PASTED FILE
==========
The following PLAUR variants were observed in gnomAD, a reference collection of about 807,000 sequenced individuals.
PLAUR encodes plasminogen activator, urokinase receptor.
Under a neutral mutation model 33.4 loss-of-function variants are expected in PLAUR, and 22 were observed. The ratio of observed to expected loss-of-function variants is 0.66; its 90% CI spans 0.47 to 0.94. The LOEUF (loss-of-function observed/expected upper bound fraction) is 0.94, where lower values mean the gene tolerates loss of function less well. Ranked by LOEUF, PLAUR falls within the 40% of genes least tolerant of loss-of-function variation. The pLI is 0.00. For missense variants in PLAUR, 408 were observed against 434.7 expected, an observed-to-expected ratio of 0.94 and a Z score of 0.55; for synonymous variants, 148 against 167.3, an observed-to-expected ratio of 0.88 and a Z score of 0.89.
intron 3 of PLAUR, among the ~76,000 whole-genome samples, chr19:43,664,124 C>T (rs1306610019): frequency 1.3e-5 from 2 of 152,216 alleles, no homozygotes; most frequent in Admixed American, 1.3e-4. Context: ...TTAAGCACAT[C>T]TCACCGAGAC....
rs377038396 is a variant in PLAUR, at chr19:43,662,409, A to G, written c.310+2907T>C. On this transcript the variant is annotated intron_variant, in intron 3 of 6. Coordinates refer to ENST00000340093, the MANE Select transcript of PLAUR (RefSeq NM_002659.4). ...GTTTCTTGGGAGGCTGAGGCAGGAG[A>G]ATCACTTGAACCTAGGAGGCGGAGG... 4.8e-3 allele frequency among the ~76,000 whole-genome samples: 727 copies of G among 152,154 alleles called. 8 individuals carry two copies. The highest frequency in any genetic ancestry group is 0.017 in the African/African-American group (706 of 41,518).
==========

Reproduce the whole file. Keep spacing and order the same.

The following PLAUR variants were observed in gnomAD, a reference collection of about 807,000 sequenced individuals.
PLAUR encodes plasminogen activator, urokinase receptor.
Under a neutral mutation model 33.4 loss-of-function variants are expected in PLAUR, and 22 were observed. The ratio of observed to expected loss-of-function variants is 0.66; its 90% CI spans 0.47 to 0.94. The LOEUF (loss-of-function observed/expected upper bound fraction) is 0.94, where lower values mean the gene tolerates loss of function less well. Ranked by LOEUF, PLAUR falls within the 40% of genes least tolerant of loss-of-function variation. The pLI is 0.00. For missense variants in PLAUR, 408 were observed against 434.7 expected, an observed-to-expected ratio of 0.94 and a Z score of 0.55; for synonymous variants, 148 against 167.3, an observed-to-expected ratio of 0.88 and a Z score of 0.89.
intron 3 of PLAUR, among the ~76,000 whole-genome samples, chr19:43,664,124 C>T (rs1306610019): frequency 1.3e-5 from 2 of 152,216 alleles, no homozygotes; most frequent in Admixed American, 1.3e-4. Context: ...TTAAGCACAT[C>T]TCACCGAGAC....
rs377038396 is a variant in PLAUR, at chr19:43,662,409, A to G, written c.310+2907T>C. On this transcript the variant is annotated intron_variant, in intron 3 of 6. Coordinates refer to ENST00000340093, the MANE Select transcript of PLAUR (RefSeq NM_002659.4). ...GTTTCTTGGGAGGCTGAGGCAGGAG[A>G]ATCACTTGAACCTAGGAGGCGGAGG... 4.8e-3 allele frequency among the ~76,000 whole-genome samples: 727 copies of G among 152,154 alleles called. 8 individuals carry two copies. The highest frequency in any genetic ancestry group is 0.017 in the African/African-American group (706 of 41,518).